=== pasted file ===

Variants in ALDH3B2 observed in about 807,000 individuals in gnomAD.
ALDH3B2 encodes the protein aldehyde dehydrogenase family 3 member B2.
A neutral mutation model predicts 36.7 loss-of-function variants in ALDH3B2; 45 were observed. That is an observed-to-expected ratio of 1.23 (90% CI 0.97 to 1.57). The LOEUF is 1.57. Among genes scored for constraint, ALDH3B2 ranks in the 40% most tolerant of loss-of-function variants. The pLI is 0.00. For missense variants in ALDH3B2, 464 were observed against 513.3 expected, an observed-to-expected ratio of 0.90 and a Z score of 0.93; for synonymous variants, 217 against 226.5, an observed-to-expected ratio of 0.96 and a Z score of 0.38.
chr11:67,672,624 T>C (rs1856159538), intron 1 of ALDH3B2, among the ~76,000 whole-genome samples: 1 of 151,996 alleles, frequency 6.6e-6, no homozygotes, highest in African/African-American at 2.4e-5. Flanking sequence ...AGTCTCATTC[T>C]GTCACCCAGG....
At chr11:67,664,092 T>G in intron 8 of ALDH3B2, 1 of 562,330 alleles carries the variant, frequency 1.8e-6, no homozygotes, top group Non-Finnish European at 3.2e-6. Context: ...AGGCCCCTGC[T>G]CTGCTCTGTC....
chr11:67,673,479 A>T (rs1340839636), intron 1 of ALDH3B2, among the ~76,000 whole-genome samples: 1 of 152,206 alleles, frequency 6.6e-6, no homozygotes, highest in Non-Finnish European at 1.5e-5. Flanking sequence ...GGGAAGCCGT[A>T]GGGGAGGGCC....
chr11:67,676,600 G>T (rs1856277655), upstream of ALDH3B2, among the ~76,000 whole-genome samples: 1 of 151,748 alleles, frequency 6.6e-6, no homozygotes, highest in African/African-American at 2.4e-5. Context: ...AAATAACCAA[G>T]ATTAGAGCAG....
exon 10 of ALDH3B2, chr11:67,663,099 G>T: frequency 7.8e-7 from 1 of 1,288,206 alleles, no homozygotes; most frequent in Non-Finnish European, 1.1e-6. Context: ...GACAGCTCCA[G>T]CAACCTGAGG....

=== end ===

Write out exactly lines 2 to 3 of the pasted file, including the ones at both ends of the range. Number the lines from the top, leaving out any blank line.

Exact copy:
ALDH3B2 encodes the protein aldehyde dehydrogenase family 3 member B2.
A neutral mutation model predicts 36.7 loss-of-function variants in ALDH3B2; 45 were observed. That is an observed-to-expected ratio of 1.23 (90% CI 0.97 to 1.57). The LOEUF is 1.57. Among genes scored for constraint, ALDH3B2 ranks in the 40% most tolerant of loss-of-function variants. The pLI is 0.00. For missense variants in ALDH3B2, 464 were observed against 513.3 expected, an observed-to-expected ratio of 0.90 and a Z score of 0.93; for synonymous variants, 217 against 226.5, an observed-to-expected ratio of 0.96 and a Z score of 0.38.